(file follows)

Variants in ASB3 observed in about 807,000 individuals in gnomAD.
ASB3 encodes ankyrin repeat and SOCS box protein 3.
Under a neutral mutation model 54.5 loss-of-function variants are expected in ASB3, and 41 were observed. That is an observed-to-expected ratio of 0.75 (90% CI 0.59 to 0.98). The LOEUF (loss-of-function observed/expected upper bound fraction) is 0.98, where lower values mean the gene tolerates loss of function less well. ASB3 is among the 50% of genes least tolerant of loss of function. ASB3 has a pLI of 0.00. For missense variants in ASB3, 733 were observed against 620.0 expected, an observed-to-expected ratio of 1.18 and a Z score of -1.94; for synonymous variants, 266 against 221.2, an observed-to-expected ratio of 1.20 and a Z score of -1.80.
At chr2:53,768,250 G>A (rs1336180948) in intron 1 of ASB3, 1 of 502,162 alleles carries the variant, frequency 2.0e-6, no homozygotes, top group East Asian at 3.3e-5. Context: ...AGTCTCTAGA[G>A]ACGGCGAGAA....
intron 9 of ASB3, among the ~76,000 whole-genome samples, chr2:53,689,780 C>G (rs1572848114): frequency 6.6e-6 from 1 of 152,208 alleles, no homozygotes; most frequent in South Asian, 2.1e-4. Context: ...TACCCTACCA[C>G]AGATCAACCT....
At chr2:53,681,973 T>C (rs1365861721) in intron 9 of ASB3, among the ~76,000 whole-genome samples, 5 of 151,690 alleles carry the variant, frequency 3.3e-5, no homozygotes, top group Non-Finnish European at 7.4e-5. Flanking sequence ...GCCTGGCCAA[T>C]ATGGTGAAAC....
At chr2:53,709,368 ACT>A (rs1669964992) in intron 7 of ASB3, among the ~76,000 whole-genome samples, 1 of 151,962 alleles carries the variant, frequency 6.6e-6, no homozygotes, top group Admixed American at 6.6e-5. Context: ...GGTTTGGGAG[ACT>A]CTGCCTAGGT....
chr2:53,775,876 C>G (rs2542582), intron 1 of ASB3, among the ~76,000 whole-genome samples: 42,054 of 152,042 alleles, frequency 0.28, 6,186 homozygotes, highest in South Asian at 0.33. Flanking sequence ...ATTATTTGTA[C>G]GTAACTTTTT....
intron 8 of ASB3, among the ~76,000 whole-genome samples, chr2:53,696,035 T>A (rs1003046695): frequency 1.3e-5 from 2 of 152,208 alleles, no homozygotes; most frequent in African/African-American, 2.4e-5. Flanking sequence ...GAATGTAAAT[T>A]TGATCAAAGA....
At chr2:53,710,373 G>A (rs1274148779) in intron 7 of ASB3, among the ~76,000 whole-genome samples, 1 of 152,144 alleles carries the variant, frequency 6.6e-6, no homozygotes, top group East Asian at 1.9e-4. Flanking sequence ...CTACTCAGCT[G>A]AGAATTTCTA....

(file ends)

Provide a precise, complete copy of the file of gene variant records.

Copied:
Variants in ASB3 observed in about 807,000 individuals in gnomAD.
ASB3 encodes ankyrin repeat and SOCS box protein 3.
Under a neutral mutation model 54.5 loss-of-function variants are expected in ASB3, and 41 were observed. That is an observed-to-expected ratio of 0.75 (90% CI 0.59 to 0.98). The LOEUF (loss-of-function observed/expected upper bound fraction) is 0.98, where lower values mean the gene tolerates loss of function less well. ASB3 is among the 50% of genes least tolerant of loss of function. ASB3 has a pLI of 0.00. For missense variants in ASB3, 733 were observed against 620.0 expected, an observed-to-expected ratio of 1.18 and a Z score of -1.94; for synonymous variants, 266 against 221.2, an observed-to-expected ratio of 1.20 and a Z score of -1.80.
At chr2:53,768,250 G>A (rs1336180948) in intron 1 of ASB3, 1 of 502,162 alleles carries the variant, frequency 2.0e-6, no homozygotes, top group East Asian at 3.3e-5. Context: ...AGTCTCTAGA[G>A]ACGGCGAGAA....
intron 9 of ASB3, among the ~76,000 whole-genome samples, chr2:53,689,780 C>G (rs1572848114): frequency 6.6e-6 from 1 of 152,208 alleles, no homozygotes; most frequent in South Asian, 2.1e-4. Context: ...TACCCTACCA[C>G]AGATCAACCT....
At chr2:53,681,973 T>C (rs1365861721) in intron 9 of ASB3, among the ~76,000 whole-genome samples, 5 of 151,690 alleles carry the variant, frequency 3.3e-5, no homozygotes, top group Non-Finnish European at 7.4e-5. Flanking sequence ...GCCTGGCCAA[T>C]ATGGTGAAAC....
At chr2:53,709,368 ACT>A (rs1669964992) in intron 7 of ASB3, among the ~76,000 whole-genome samples, 1 of 151,962 alleles carries the variant, frequency 6.6e-6, no homozygotes, top group Admixed American at 6.6e-5. Context: ...GGTTTGGGAG[ACT>A]CTGCCTAGGT....
chr2:53,775,876 C>G (rs2542582), intron 1 of ASB3, among the ~76,000 whole-genome samples: 42,054 of 152,042 alleles, frequency 0.28, 6,186 homozygotes, highest in South Asian at 0.33. Flanking sequence ...ATTATTTGTA[C>G]GTAACTTTTT....
intron 8 of ASB3, among the ~76,000 whole-genome samples, chr2:53,696,035 T>A (rs1003046695): frequency 1.3e-5 from 2 of 152,208 alleles, no homozygotes; most frequent in African/African-American, 2.4e-5. Flanking sequence ...GAATGTAAAT[T>A]TGATCAAAGA....
At chr2:53,710,373 G>A (rs1274148779) in intron 7 of ASB3, among the ~76,000 whole-genome samples, 1 of 152,144 alleles carries the variant, frequency 6.6e-6, no homozygotes, top group East Asian at 1.9e-4. Flanking sequence ...CTACTCAGCT[G>A]AGAATTTCTA....